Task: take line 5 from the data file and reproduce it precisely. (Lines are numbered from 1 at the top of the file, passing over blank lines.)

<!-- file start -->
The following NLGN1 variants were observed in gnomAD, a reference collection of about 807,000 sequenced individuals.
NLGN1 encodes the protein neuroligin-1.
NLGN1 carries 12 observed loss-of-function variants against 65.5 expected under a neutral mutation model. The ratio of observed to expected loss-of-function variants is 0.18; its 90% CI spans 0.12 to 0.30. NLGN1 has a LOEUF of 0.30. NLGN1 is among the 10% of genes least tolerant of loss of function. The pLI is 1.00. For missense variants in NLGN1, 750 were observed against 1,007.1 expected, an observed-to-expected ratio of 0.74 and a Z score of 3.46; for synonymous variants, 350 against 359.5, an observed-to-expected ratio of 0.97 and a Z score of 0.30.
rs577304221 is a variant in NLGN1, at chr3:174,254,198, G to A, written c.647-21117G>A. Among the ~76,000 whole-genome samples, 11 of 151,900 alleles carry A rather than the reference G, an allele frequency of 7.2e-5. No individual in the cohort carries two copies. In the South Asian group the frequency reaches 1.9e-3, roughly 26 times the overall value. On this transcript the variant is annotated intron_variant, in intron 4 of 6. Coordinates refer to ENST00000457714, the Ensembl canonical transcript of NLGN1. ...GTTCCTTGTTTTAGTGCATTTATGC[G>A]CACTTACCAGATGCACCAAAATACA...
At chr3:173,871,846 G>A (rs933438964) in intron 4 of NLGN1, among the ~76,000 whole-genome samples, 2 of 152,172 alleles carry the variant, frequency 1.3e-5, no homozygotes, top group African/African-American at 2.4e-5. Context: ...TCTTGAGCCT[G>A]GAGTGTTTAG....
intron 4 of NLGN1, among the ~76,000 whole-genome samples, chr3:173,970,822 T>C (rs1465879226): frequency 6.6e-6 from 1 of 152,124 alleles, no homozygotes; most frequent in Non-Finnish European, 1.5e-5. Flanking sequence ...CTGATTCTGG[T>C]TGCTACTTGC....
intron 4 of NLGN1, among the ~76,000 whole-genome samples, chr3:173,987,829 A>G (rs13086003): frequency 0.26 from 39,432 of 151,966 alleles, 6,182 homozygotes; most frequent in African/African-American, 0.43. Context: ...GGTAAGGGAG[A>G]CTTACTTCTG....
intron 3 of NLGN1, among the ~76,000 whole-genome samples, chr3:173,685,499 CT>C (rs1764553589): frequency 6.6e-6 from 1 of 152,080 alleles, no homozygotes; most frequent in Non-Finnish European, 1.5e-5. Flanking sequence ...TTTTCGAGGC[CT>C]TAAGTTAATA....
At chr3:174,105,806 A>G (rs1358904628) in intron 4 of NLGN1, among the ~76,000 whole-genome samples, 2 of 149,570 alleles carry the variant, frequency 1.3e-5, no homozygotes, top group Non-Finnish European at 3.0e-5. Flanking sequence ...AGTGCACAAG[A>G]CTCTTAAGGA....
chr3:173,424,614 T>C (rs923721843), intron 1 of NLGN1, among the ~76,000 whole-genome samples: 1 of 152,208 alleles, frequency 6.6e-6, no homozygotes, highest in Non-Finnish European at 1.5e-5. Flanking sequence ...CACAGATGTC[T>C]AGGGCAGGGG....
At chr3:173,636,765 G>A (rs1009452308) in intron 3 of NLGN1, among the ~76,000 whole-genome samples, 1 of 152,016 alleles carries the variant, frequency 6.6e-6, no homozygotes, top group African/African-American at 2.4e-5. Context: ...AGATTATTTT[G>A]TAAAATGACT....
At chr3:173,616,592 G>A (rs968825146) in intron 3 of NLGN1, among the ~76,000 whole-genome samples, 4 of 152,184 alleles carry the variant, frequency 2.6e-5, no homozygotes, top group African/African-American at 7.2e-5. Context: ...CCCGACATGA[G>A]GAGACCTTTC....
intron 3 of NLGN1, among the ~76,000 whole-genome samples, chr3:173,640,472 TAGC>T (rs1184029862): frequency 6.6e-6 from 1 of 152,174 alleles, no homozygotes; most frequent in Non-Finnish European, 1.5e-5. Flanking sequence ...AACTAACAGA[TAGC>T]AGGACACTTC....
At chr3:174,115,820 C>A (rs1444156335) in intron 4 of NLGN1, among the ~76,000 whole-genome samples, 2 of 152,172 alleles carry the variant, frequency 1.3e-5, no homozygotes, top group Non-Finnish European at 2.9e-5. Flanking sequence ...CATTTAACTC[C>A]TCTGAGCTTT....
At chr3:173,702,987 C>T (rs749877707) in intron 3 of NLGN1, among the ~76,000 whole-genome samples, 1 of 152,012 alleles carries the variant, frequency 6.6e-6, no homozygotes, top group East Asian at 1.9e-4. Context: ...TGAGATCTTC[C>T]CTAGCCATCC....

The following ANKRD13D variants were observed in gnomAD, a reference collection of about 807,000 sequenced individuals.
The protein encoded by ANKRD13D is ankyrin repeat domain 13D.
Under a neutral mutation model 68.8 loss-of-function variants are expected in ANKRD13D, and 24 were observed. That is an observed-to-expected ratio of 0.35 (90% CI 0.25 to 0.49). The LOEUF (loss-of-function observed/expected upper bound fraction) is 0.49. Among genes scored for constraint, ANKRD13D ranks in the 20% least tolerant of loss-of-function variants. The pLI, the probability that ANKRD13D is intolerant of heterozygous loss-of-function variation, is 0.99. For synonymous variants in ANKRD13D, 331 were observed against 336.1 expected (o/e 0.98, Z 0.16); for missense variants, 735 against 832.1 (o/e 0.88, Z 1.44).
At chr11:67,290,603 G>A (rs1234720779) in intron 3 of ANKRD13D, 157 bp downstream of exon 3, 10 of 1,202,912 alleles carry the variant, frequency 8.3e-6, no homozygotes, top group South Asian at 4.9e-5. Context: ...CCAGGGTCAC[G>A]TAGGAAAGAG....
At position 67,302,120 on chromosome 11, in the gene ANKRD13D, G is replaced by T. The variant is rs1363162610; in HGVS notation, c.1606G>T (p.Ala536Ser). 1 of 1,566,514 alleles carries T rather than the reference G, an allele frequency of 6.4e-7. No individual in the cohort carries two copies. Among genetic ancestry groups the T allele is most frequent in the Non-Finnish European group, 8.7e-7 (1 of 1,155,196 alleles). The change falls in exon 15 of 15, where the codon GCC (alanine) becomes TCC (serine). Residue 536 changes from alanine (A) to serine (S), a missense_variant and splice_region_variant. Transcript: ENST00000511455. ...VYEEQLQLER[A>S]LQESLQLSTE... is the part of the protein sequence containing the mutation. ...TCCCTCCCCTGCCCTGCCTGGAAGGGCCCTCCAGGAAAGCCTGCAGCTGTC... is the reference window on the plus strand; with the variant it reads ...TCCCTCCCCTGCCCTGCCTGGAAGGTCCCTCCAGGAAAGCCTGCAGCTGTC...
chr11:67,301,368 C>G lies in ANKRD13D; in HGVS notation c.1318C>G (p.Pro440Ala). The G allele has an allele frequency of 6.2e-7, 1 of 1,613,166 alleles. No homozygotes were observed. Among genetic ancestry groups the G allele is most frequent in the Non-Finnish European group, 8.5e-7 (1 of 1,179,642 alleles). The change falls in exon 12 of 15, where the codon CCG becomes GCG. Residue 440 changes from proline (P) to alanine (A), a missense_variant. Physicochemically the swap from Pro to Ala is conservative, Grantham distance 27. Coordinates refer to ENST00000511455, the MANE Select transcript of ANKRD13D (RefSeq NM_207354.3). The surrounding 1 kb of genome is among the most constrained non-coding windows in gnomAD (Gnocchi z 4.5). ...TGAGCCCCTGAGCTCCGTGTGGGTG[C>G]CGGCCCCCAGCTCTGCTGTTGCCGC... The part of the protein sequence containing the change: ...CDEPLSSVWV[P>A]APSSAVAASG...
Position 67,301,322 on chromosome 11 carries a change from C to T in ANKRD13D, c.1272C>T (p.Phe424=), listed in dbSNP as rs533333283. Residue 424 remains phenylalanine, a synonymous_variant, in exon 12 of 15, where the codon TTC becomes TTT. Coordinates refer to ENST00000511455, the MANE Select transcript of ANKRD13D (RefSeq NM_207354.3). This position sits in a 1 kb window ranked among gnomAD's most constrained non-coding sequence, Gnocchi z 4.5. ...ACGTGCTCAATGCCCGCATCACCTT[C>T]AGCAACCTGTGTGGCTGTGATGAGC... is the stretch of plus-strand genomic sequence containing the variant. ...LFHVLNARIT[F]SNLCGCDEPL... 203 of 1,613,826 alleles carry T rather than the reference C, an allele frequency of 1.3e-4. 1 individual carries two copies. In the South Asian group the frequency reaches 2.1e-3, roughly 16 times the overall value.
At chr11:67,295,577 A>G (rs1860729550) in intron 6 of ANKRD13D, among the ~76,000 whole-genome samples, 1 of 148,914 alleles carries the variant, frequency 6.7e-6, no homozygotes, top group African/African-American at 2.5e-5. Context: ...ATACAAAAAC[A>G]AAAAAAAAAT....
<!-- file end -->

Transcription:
At chr3:173,871,846 G>A (rs933438964) in intron 4 of NLGN1, among the ~76,000 whole-genome samples, 2 of 152,172 alleles carry the variant, frequency 1.3e-5, no homozygotes, top group African/African-American at 2.4e-5. Context: ...TCTTGAGCCT[G>A]GAGTGTTTAG....